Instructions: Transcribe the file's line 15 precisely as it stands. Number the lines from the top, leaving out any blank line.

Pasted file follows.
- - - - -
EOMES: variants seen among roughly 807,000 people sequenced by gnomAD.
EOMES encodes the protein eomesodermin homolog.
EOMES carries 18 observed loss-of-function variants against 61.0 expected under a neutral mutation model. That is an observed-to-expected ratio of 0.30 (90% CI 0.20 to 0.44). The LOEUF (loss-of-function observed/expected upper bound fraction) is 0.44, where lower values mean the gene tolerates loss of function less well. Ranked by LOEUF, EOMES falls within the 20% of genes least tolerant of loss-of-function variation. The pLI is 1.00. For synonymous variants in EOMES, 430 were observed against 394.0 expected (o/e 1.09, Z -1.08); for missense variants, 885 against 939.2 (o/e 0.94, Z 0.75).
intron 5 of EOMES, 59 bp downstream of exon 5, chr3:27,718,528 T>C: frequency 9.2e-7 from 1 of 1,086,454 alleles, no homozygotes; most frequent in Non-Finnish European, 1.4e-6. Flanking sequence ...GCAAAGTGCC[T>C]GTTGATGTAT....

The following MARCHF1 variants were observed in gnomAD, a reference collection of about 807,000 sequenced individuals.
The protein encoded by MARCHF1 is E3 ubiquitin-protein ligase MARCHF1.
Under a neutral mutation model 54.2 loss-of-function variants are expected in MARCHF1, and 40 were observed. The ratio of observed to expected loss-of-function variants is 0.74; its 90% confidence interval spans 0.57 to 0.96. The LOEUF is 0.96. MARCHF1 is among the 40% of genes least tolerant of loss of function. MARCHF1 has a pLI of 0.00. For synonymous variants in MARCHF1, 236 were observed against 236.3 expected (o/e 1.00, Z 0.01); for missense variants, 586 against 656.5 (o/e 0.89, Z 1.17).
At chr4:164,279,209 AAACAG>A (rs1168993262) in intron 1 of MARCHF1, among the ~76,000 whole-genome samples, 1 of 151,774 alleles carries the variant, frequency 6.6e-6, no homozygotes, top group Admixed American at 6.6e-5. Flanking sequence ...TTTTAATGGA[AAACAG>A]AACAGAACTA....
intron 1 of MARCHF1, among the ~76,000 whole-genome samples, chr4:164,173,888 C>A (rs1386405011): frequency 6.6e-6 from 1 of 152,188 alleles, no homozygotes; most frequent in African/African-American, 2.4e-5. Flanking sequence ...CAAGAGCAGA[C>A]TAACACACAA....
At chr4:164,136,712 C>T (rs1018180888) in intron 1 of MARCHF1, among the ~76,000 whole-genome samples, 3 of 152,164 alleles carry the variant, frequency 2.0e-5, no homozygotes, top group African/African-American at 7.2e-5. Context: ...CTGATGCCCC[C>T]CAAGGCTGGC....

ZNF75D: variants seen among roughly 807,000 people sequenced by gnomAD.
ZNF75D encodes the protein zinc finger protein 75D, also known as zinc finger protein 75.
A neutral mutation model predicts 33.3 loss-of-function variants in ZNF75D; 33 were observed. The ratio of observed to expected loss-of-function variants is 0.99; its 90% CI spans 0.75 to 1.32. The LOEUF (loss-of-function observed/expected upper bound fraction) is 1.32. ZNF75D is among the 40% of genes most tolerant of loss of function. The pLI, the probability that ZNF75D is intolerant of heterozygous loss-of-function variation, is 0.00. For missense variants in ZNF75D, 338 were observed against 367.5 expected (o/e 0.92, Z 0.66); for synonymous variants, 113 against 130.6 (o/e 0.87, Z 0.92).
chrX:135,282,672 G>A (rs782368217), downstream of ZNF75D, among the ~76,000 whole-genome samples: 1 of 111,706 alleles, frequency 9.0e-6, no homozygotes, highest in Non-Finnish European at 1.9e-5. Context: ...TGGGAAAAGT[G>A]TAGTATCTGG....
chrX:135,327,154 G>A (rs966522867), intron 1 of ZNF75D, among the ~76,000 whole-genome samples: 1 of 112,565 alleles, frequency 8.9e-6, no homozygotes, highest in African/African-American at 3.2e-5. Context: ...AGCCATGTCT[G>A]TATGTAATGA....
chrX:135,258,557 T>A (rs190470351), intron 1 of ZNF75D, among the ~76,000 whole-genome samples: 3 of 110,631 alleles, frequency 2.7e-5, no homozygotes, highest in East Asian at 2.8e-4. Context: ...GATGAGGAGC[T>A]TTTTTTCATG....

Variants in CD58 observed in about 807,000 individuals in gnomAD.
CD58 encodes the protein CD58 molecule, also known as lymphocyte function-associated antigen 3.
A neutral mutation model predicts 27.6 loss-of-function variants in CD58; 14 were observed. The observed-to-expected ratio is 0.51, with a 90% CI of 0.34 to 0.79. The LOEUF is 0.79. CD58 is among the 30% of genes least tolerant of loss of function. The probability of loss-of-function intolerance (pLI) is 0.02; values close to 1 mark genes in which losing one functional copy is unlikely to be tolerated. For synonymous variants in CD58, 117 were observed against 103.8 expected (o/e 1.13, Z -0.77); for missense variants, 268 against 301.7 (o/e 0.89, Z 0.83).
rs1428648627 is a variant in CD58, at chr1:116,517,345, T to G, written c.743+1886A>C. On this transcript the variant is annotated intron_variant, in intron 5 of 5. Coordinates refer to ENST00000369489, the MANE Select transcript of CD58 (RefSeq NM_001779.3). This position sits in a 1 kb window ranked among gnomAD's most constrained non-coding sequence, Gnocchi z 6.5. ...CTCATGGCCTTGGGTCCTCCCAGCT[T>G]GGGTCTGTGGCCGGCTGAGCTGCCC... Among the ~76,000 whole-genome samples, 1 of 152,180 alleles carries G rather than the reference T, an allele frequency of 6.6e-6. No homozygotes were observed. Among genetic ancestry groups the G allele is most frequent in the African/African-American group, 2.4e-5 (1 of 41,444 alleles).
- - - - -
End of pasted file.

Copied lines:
chrX:135,327,154 G>A (rs966522867), intron 1 of ZNF75D, among the ~76,000 whole-genome samples: 1 of 112,565 alleles, frequency 8.9e-6, no homozygotes, highest in African/African-American at 3.2e-5. Context: ...AGCCATGTCT[G>A]TATGTAATGA....